Unfortunately, Daeanna isn’t the only small child who recently faced unimaginable trauma as a result of a violent interaction with police.  Reports have emerged from recently released security footage that Delrawn Small was killed by an off duty NYPD officer within a second of approaching his car to complain about the officer’s driving. Like Philando, his girlfriend and their three daughters were watching from the backseat when he took his last breath.

Brain science and research on child development are clear that a small child exposed to violence, like the murder of a loved one before their eyes, can have negative effects on their physical and mental well-being for a lifetime. Poor social, emotional and cognitive functioning are real manifestations of this form of trauma.

Our marches must lift up Black children’s experiences living in a society where the police perpetuate violence and their parents can’t protect them from a law enforcement officer with a gun. Our protests must lift up the emotional turmoil of black childhood and call for an end to the pipeline to their oppression. Our rallies must lift up the unique experiences of Black women and girls and give their experiences the same weight as our male counterparts.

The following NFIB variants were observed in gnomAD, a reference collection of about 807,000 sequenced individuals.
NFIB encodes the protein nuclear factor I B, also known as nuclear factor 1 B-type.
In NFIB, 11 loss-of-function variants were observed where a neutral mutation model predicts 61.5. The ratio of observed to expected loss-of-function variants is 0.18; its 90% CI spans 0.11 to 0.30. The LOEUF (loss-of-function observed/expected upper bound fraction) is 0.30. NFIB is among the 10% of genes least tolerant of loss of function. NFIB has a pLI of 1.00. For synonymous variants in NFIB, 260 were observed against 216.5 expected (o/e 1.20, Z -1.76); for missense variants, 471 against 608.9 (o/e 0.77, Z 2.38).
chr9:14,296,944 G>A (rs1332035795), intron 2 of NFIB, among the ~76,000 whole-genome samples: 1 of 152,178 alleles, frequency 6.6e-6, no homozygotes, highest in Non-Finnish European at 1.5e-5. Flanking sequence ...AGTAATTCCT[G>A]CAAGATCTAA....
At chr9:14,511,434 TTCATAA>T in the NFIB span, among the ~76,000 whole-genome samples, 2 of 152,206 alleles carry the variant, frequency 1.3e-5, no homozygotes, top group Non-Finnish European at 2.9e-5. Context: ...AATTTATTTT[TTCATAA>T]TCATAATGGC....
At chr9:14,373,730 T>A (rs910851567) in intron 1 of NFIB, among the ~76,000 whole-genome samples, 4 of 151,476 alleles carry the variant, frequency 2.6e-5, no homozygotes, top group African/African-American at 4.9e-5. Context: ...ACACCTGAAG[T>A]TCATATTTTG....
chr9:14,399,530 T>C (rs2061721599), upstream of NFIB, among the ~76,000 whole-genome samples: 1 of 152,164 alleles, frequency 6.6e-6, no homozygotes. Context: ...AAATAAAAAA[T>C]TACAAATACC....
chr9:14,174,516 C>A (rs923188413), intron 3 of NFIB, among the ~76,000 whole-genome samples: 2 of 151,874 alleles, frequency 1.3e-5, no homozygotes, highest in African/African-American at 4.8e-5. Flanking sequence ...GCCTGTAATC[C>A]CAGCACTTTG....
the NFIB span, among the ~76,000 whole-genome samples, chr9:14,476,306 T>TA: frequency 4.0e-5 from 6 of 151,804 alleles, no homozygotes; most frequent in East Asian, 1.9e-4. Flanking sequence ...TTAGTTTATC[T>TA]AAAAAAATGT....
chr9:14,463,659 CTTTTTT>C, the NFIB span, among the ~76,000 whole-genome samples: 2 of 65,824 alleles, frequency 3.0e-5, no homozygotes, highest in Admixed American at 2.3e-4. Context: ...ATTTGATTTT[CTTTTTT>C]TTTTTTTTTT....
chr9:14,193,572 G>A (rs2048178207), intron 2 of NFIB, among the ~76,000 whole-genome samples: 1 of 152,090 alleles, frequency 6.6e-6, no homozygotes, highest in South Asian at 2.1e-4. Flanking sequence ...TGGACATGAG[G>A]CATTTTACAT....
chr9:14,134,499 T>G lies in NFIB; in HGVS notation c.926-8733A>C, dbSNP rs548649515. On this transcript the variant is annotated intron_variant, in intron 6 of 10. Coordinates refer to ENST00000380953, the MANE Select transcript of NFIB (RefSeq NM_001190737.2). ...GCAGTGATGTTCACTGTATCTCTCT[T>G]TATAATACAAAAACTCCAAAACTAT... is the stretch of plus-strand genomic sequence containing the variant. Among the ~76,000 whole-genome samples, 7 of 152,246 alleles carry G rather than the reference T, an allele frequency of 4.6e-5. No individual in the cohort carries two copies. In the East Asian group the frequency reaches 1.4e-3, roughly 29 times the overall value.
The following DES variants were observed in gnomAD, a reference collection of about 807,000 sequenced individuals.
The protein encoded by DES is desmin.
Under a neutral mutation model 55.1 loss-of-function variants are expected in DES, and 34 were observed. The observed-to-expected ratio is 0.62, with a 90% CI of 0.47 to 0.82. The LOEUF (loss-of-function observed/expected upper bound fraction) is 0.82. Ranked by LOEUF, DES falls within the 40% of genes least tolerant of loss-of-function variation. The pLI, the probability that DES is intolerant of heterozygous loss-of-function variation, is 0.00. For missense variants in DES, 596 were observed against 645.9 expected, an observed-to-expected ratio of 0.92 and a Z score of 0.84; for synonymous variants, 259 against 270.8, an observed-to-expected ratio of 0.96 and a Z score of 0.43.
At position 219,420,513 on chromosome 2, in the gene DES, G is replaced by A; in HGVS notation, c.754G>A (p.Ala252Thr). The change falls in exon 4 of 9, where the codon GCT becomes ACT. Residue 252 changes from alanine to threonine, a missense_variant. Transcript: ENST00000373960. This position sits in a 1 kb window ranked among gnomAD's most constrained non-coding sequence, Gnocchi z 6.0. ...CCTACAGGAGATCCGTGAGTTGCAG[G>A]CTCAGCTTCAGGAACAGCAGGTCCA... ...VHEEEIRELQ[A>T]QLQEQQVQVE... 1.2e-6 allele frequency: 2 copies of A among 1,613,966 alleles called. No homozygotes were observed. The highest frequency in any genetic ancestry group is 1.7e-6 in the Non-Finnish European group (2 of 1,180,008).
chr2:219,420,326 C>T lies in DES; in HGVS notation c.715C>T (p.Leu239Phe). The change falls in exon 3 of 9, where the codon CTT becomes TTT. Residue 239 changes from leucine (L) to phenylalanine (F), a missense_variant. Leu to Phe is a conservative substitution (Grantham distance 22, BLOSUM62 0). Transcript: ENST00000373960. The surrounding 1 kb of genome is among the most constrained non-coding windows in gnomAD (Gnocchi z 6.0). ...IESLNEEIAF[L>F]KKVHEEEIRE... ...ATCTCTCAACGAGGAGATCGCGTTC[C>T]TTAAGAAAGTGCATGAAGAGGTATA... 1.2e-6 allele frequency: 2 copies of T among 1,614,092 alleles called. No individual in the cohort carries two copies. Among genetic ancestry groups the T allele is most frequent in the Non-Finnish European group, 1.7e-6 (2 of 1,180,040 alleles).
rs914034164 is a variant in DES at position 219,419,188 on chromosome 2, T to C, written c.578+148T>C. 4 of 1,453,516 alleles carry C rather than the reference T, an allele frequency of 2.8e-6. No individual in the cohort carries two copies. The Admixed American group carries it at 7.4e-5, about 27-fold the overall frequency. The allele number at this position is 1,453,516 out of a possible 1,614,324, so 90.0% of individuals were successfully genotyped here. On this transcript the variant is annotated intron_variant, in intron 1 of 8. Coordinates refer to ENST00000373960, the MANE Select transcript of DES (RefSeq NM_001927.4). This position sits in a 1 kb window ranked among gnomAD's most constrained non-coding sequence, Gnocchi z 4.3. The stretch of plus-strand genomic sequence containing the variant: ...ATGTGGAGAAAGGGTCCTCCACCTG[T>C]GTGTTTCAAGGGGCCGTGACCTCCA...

It is our duty to fight for our freedom. It is our duty to save our girls.

Photo: iStockPhoto


Tashira Halyard is a creative, activist and lawyer living in Washington, DC where she fights for brighter futures for families and children of color. On her personal blog, Politics & Fashion, she explores the intersection of beauty, Black womanhood and social justice. She loves a good trail mix, white wine and independent bookstore.